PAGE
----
Blanking: Pre-read vs. identified blanks

Due to the background absorbance of the microplate, it is absolutely necessary to perform some sort of blanking on the raw data at 260 nm in order to achieve accurate results. In regards to blanking the plate there are two options: pre-read an empty microplate (preferably the plate about to be used in the assay) prior to measuring samples experimentally or define one or more wells as blanks using the plate layout. While it is more convenient to define one or more wells as a blank, this method assumes that the background for each well is the same. In reality there may be as much as a 0.005 difference between the highest and lowest well. In general, the commonly used diluents used in conjunction with nucleic acids do not have any appreciable absorbance at 260 nm, with all the background absorbance the result of the microplate itself. As a matter of practice using a blank well or two will provide acceptable results in regards to nucleic acid quantitation. If possible it is recommended that both a pre-read and a blank well(s) be defined. This combination will accommodate variations in plate background as well as any influence that the sample buffer may provide.


Errors can add up

While the theoretical limit to the measurement is 0.001 OD units, there are a number of errors inherent to the measurement. These errors have the potential to add up. Reader specification for repeatability is +/-1% +/- 0.010 ODs, which at very low ODs means that the 1% component essentially drops out of the equation, which leaves an error of +/- 0.010 ODs. Typically BioTek’s readers perform much better than specification so we can estimate accuracy at +/-0.002 for this paper. In addition to the reader variability, well-to-well variability in the plate is approximately +/- 0.002 ODs, which represents a total variation of 0.004 OD across the plate. The meniscus at the air-liquid interface has the potential for a variability of +/- 0.001 ODs as well. Note that the error caused by the well-to-well variability and the meniscus can be corrected for using the pre-read functionality and blank well subtraction respectively. This effectively limits the error to the error of the reader, which we have estimated at +/- 0.002 ODs.

Absorbance of Wells with Different Total DNA content.

Figure 2. Absorbance of Wells with Different Total DNA content. Data from wells with differing volumes and DNA concentrations were pooled to provide a plot of DNA content versus absorbance. Error bars represent a +/- of 0.002 ODs from the mean of each observation.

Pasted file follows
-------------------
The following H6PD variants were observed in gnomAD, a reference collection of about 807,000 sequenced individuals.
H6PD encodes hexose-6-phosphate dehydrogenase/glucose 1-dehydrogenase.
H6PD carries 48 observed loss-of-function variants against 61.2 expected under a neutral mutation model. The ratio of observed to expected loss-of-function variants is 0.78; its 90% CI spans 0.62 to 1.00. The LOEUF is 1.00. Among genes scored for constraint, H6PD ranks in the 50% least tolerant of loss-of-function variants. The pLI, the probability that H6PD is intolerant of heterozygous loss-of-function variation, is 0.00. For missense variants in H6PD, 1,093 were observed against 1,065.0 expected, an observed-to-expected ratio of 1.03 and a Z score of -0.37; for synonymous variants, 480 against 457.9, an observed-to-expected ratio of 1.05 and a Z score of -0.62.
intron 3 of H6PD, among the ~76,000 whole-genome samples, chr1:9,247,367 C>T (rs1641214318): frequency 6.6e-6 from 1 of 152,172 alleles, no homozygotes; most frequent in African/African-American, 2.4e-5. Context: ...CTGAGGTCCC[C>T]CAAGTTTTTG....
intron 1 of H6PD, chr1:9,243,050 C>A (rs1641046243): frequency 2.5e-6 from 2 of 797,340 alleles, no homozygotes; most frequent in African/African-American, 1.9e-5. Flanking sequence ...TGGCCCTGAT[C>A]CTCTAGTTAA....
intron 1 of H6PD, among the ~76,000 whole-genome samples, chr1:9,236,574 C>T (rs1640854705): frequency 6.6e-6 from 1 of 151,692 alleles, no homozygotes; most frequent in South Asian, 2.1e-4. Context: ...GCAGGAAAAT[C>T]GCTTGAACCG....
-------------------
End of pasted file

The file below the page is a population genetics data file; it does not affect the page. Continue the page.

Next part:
Pathlength, sample volume and detection limits

Relationship between sample volume and pathlength can confuse the issue in regards to detection limits as measured by concentration. Because of this, the preferential method is to use well content (ng/well) as a means by which detection limits can be defined. With vertical photometry the absorbance of a well content is the same regardless of the volume. In other words, the absorbance of 500 ng of DNA in a well is the same if it is in 100, 200 or 300 µl. Note that the DNA “concentration” would be 5 µg/ml, 2.5 µg/ml, and 1.67 µg/ml respectively. As demonstrated in Figure 1, when various concentrations of DNA are quantitated, 300-µl samples can be distinguished from the buffer only blank at lower concentrations than the 100-µl samples. Please note the use of “concentration” in this example. Again this relates to the total DNA content on a per well basis, as large volumes of a fixed concentration will result in a larger content of absorbing material.


The Bottom Line

As seen in Figure 2, when the absorbance was plotted against the total DNA content on a per well basis, a linear relationship between content and absorbance is observed. Using the estimated error of measurement of +/- 0.002 OD one observes that the upward error bars from the blank do not overlap the downward error bars of the 100 ng/well samples. Therefore, in regards to detecting DNA in solution using absorbance, the minimum amount that can be detected is about 100 ng per well under the best of circumstances. While samples with lower per well content have a mean absorbance that is higher than that observed with the blanks, the difference is not outside the error of measurement. Nucleic acids, such as RNA or ssDNA can be measured using absorbance in the same manner as dsDNA. Because these compounds have a higher extinction coefficient than dsDNA, the detection limits would be expected to be lower. RNA has an extinction coefficient 20% higher than dsDNA. This suggests that the detection limit for RNA would be approximately 20% lower than dsDNA or 80 ng/well. Likewise ssDNA such as oligonucleotides have an even higher extinction coefficient. The detection for these molecules can be calculated to be approximately 67 ng/well.

There are a number of factors that have the ability to prevent one from achieving these detection limits. High quality DNA is absolutely essential for good detection limits. DNA solutions and buffers containing protein contamination or particulates will often result in a greater variability of replicates, which is observed as higher standard deviation or %CV values. Using sufficient volumes for the well type being used is also critical. Volumes that do not completely fill and cover the bottom of the well will result in aberrant results. Standard 96-well plate wells require a minimum of 100 µl. Half area 96-well plates can be used with as little as 50 µl and samples in 384-well plates can be measured using 25 µl. Dirty or scratched microplates can affect the variability of samples as well, particularly if the plate pre-read feature of the PC software (KC4 or KCjunior) is not utilized. Proper storage of the unused plates can minimize this potential problem. Inaccurate pipetting of samples can lead to unintended inaccuracies that cannot always be corrected using pathlength correction. Good laboratory practices, such as maintaining buffers and solutions contaminate free, are also essential for obtaining accurate and precise nucleic acid quantitation. This is particularly important at very low concentration levels.